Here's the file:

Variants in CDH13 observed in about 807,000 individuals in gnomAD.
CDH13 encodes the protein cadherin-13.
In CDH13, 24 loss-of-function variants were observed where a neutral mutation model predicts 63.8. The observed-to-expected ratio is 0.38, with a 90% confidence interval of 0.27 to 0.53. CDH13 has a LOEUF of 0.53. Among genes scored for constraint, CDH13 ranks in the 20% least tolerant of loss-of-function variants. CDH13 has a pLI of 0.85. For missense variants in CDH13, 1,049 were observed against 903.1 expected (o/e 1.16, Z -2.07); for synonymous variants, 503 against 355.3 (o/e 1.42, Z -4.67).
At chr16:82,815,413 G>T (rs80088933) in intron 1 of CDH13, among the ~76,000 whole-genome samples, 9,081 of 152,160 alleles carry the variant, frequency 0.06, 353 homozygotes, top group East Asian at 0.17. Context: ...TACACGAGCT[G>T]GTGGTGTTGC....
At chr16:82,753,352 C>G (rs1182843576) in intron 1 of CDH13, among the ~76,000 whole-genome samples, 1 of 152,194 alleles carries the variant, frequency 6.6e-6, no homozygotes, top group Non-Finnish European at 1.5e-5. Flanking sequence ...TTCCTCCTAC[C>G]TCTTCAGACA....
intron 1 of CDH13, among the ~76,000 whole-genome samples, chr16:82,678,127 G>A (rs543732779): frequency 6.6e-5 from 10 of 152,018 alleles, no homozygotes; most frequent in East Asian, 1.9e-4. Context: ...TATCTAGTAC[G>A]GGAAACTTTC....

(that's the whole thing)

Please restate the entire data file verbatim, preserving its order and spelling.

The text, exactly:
Variants in CDH13 observed in about 807,000 individuals in gnomAD.
CDH13 encodes the protein cadherin-13.
In CDH13, 24 loss-of-function variants were observed where a neutral mutation model predicts 63.8. The observed-to-expected ratio is 0.38, with a 90% confidence interval of 0.27 to 0.53. CDH13 has a LOEUF of 0.53. Among genes scored for constraint, CDH13 ranks in the 20% least tolerant of loss-of-function variants. CDH13 has a pLI of 0.85. For missense variants in CDH13, 1,049 were observed against 903.1 expected (o/e 1.16, Z -2.07); for synonymous variants, 503 against 355.3 (o/e 1.42, Z -4.67).
At chr16:82,815,413 G>T (rs80088933) in intron 1 of CDH13, among the ~76,000 whole-genome samples, 9,081 of 152,160 alleles carry the variant, frequency 0.06, 353 homozygotes, top group East Asian at 0.17. Context: ...TACACGAGCT[G>T]GTGGTGTTGC....
At chr16:82,753,352 C>G (rs1182843576) in intron 1 of CDH13, among the ~76,000 whole-genome samples, 1 of 152,194 alleles carries the variant, frequency 6.6e-6, no homozygotes, top group Non-Finnish European at 1.5e-5. Flanking sequence ...TTCCTCCTAC[C>G]TCTTCAGACA....
intron 1 of CDH13, among the ~76,000 whole-genome samples, chr16:82,678,127 G>A (rs543732779): frequency 6.6e-5 from 10 of 152,018 alleles, no homozygotes; most frequent in East Asian, 1.9e-4. Context: ...TATCTAGTAC[G>A]GGAAACTTTC....